The half-million dollars in remuneration and expenses for the 13 members of the Mount Currie Band council should come as no surprise to its members.
Nor should the $9.76 million in annual funding from the department of Aboriginal Affairs — almost half of the band's income — with more money flowing from other agencies.
It is, however, the first time the information has been widely available publicly, as decreed under the new First Nations Financial Transparency Act, which requires bands to report their finances, including council salaries and expenses, and have that information posted online at the Aboriginal Affairs and Northern Development Canada (AANDC) website.
"This is nothing new, actually," said Mount Currie Band Chief Lucinda Phillips after the band's financials were posted online as required by the July 29 deadline.
"We've been doing it for probably the last decade. We've always been open and transparent with our community members."
While Mount Currie's information was available online, the Squamish Nation information stated: "Not yet posted." The Squamish Nation, which is also undertaking an internal investigation, according to Business in Vancouver, was unable to answer questions by deadline this week.
Both nations have traditional territory in Whistler and share the Squamish Lil'wat Cultural Centre in the village.
Reaction to the new information has been mixed. The website's information revealed headline-grabbing compensation numbers, such as $914,000 remuneration for Chief Ron Giesbrecht of the Kwikwetlem First Nation in Coquitlam.
Phillips' remuneration for the 12 months ending March 31, 2014, was $83,545, with $11,237 in expenses. That remuneration is not taxed.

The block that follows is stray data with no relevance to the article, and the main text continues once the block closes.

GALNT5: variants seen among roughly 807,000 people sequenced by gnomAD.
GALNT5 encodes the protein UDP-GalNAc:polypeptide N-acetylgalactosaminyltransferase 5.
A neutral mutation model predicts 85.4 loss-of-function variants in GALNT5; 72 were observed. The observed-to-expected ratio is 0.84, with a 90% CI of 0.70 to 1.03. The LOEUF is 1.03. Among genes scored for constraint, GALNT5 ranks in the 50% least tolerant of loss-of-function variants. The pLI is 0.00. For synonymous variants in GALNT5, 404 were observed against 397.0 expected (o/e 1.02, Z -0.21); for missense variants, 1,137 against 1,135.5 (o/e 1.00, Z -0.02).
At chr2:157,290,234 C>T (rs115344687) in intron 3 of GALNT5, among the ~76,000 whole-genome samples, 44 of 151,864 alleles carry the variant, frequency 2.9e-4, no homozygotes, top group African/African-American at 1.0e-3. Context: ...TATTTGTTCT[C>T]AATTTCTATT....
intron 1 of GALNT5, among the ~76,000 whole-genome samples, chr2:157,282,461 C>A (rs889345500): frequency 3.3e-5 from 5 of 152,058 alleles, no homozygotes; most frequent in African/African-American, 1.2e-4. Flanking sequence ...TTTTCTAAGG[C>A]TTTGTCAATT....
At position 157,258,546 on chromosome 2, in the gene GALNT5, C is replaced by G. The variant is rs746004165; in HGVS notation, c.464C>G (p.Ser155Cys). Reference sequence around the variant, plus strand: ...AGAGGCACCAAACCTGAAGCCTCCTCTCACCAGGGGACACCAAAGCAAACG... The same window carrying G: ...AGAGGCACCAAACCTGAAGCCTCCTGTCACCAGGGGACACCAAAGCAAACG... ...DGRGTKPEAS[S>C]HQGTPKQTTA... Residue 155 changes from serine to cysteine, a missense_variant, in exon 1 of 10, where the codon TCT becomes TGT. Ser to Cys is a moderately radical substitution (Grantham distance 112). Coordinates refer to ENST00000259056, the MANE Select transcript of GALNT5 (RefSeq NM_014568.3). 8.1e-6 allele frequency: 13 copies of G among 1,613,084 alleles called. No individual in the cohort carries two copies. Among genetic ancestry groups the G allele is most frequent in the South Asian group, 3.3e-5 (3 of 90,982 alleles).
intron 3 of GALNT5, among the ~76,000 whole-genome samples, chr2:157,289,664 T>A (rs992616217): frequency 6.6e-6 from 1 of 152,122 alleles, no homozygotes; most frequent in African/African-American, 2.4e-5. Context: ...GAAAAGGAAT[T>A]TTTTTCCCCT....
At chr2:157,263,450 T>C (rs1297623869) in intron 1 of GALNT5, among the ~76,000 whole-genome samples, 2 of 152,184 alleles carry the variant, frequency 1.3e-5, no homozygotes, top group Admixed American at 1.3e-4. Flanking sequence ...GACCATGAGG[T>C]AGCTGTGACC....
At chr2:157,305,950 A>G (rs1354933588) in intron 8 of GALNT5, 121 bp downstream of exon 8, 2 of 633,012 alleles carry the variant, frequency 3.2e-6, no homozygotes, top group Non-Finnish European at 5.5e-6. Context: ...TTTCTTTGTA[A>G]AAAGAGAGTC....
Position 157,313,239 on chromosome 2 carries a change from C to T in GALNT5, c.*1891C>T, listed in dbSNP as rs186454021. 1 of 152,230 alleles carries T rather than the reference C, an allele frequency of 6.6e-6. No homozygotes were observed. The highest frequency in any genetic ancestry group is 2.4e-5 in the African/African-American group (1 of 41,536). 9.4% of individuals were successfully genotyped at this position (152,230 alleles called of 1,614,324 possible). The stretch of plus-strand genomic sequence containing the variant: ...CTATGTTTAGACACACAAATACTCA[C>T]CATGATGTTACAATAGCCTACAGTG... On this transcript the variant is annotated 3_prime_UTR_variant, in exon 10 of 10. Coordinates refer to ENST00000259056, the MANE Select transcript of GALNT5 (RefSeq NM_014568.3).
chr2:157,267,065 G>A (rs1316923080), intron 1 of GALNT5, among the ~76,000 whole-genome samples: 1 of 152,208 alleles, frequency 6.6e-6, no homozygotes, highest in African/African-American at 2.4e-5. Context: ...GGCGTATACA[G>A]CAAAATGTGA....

The 12 other Mount Currie councillors had a wide range in remuneration from $5,400 to $75,839. Council members in Mount Currie, other than the chief, are not on a fixed salary. They receive a per diem for attending meetings. Some members, however, work for the band in other capacities.
"The unfortunate thing with this new financial transparency act is that we have to post anything and everything when it comes to our council members, and half of our council actually work for the band," said Phillips. "So you're actually seeing their salary of their day job — one of them is a day care director, one of them is fisheries manager, one of them works in the cultural centre. And then they get the council per diem."
The push to make the information public came in part from the Canadian Taxpayers Federation (CTF).
"Our perspective is that politicians no matter where they serve in Canada should have to disclose what they're paid to the public, as well as annual financial statements to show how they're spending public funds," said CTF Prairie Director Colin Craig.
Phillips has mixed feelings about the new transparency requirements — frustrated on the one hand, given that other businesses don't open books in this same way, she said. On the other hand, this is one more step to moving into self-sufficient governance, coming on the heels of the Election Code, the Membership Code, Mount Currie's own financial administration law, and a referendum in March on the Land Code.
"We're doing a lot of these steps in order to be self sufficient so we don't need to be playing this jumping-rope game with the federal government. So we're excited about that," said the chief of the small band of 2,000 members.
In addition to AANDC funding, Mount Currie receives more than $2 million from the First Nations Health Authority, $1.6 million from the province of B.C., and more than $2.3 million from income from business enterprises. The total revenue budget in 2014 is $21.6 million.
The biggest expense is the $15 million for operations, plus $3.3 million for the Xit'olacw Community School Fund and the $462,000 for the Xit'olacw Housing Fund. Total expenses in 2014 are $19.1 million.